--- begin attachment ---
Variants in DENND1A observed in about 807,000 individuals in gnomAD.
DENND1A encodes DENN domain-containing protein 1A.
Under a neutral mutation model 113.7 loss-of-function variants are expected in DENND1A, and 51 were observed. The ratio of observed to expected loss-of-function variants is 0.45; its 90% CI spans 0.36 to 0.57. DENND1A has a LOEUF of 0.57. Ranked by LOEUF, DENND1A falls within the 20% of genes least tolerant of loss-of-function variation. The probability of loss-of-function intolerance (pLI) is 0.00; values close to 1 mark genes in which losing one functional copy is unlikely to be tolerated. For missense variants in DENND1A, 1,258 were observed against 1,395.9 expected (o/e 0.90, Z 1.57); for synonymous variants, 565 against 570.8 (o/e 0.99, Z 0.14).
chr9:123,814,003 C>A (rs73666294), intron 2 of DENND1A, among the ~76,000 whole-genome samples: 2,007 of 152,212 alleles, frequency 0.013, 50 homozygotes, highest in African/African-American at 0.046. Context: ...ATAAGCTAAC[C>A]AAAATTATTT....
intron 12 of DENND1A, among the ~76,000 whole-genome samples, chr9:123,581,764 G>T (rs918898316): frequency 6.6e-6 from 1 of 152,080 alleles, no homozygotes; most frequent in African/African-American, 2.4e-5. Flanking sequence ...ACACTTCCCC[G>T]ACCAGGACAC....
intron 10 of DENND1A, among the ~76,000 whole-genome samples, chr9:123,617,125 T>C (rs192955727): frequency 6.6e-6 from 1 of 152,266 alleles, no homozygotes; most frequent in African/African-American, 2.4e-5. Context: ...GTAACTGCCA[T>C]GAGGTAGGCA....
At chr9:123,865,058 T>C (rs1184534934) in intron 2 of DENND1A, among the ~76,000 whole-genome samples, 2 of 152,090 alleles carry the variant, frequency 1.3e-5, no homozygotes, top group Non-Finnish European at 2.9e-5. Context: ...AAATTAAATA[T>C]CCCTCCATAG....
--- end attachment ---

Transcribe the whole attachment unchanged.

Variants in DENND1A observed in about 807,000 individuals in gnomAD.
DENND1A encodes DENN domain-containing protein 1A.
Under a neutral mutation model 113.7 loss-of-function variants are expected in DENND1A, and 51 were observed. The ratio of observed to expected loss-of-function variants is 0.45; its 90% CI spans 0.36 to 0.57. DENND1A has a LOEUF of 0.57. Ranked by LOEUF, DENND1A falls within the 20% of genes least tolerant of loss-of-function variation. The probability of loss-of-function intolerance (pLI) is 0.00; values close to 1 mark genes in which losing one functional copy is unlikely to be tolerated. For missense variants in DENND1A, 1,258 were observed against 1,395.9 expected (o/e 0.90, Z 1.57); for synonymous variants, 565 against 570.8 (o/e 0.99, Z 0.14).
chr9:123,814,003 C>A (rs73666294), intron 2 of DENND1A, among the ~76,000 whole-genome samples: 2,007 of 152,212 alleles, frequency 0.013, 50 homozygotes, highest in African/African-American at 0.046. Context: ...ATAAGCTAAC[C>A]AAAATTATTT....
intron 12 of DENND1A, among the ~76,000 whole-genome samples, chr9:123,581,764 G>T (rs918898316): frequency 6.6e-6 from 1 of 152,080 alleles, no homozygotes; most frequent in African/African-American, 2.4e-5. Flanking sequence ...ACACTTCCCC[G>T]ACCAGGACAC....
intron 10 of DENND1A, among the ~76,000 whole-genome samples, chr9:123,617,125 T>C (rs192955727): frequency 6.6e-6 from 1 of 152,266 alleles, no homozygotes; most frequent in African/African-American, 2.4e-5. Context: ...GTAACTGCCA[T>C]GAGGTAGGCA....
At chr9:123,865,058 T>C (rs1184534934) in intron 2 of DENND1A, among the ~76,000 whole-genome samples, 2 of 152,090 alleles carry the variant, frequency 1.3e-5, no homozygotes, top group Non-Finnish European at 2.9e-5. Context: ...AAATTAAATA[T>C]CCCTCCATAG....